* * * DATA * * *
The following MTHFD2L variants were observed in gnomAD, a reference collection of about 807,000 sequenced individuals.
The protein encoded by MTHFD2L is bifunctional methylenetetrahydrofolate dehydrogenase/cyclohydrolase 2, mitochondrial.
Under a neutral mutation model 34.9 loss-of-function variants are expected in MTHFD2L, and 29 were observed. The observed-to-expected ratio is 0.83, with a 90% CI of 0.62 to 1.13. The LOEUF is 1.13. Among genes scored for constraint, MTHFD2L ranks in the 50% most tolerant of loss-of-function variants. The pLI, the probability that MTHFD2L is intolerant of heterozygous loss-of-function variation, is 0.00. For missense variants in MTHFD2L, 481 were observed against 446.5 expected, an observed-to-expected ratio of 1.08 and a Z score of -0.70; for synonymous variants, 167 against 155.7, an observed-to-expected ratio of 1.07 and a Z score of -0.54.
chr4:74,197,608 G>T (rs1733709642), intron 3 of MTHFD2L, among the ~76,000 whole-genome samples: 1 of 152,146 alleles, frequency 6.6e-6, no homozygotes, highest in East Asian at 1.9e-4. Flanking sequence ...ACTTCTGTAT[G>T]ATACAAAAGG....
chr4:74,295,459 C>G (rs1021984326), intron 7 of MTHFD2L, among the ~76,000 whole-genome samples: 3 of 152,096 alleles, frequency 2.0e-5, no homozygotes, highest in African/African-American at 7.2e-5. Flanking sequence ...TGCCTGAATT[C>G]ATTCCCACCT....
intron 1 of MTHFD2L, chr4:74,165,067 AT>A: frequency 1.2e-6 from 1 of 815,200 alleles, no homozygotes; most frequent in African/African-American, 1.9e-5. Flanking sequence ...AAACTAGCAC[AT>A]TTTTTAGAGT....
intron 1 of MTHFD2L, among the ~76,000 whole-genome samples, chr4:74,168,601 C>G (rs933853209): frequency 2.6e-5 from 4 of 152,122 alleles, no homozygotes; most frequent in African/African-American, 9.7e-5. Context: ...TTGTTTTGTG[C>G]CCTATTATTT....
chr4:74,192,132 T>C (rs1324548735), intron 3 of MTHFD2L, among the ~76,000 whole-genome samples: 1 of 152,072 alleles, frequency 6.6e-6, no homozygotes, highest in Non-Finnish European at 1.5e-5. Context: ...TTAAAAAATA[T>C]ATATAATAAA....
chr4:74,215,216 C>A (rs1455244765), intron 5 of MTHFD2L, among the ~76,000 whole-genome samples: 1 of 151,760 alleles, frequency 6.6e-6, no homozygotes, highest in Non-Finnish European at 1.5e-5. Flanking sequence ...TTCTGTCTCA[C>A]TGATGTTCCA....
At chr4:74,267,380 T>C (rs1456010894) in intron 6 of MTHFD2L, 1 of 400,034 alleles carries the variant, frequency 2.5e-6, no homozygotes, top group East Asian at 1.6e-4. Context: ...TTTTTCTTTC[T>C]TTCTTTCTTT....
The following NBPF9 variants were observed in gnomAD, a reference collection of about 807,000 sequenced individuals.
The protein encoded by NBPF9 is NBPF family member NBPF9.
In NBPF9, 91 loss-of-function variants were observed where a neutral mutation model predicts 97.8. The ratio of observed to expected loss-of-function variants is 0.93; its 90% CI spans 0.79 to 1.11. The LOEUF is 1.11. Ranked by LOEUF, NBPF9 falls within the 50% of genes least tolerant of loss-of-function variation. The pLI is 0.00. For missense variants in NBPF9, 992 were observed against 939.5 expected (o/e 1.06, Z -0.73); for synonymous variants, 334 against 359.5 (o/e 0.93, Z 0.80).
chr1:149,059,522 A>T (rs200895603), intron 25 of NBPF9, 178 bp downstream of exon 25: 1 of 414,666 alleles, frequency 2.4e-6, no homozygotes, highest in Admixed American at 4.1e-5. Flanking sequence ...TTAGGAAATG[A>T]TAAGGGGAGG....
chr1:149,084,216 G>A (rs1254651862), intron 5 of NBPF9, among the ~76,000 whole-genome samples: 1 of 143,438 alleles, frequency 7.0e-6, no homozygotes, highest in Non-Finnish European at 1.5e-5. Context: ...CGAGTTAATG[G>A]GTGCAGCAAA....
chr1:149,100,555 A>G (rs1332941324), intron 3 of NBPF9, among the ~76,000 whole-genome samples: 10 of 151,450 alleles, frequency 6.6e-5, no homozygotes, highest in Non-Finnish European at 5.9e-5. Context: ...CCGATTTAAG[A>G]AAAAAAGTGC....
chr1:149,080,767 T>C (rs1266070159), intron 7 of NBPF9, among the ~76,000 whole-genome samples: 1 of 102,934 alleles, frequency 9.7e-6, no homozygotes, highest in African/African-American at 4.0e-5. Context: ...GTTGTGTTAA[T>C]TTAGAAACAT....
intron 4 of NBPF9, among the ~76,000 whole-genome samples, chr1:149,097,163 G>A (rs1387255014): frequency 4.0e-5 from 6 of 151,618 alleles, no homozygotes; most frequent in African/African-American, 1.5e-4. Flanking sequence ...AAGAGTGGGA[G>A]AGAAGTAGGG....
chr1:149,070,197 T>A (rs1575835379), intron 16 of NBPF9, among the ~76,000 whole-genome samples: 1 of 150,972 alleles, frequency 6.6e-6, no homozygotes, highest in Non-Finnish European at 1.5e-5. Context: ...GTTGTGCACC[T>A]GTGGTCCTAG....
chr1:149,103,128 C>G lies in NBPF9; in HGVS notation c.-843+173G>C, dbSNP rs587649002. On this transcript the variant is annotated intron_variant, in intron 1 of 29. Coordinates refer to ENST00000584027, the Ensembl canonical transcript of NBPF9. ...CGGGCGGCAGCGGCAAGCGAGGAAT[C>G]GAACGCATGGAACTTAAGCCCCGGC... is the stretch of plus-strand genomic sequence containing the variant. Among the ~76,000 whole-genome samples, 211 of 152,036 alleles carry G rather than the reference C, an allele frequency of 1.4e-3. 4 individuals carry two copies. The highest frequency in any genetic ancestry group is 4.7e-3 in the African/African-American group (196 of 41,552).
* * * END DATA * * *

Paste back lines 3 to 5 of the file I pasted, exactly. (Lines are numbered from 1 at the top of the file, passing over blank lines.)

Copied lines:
Under a neutral mutation model 34.9 loss-of-function variants are expected in MTHFD2L, and 29 were observed. The observed-to-expected ratio is 0.83, with a 90% CI of 0.62 to 1.13. The LOEUF is 1.13. Among genes scored for constraint, MTHFD2L ranks in the 50% most tolerant of loss-of-function variants. The pLI, the probability that MTHFD2L is intolerant of heterozygous loss-of-function variation, is 0.00. For missense variants in MTHFD2L, 481 were observed against 446.5 expected, an observed-to-expected ratio of 1.08 and a Z score of -0.70; for synonymous variants, 167 against 155.7, an observed-to-expected ratio of 1.07 and a Z score of -0.54.
chr4:74,197,608 G>T (rs1733709642), intron 3 of MTHFD2L, among the ~76,000 whole-genome samples: 1 of 152,146 alleles, frequency 6.6e-6, no homozygotes, highest in East Asian at 1.9e-4. Flanking sequence ...ACTTCTGTAT[G>T]ATACAAAAGG....
chr4:74,295,459 C>G (rs1021984326), intron 7 of MTHFD2L, among the ~76,000 whole-genome samples: 3 of 152,096 alleles, frequency 2.0e-5, no homozygotes, highest in African/African-American at 7.2e-5. Flanking sequence ...TGCCTGAATT[C>G]ATTCCCACCT....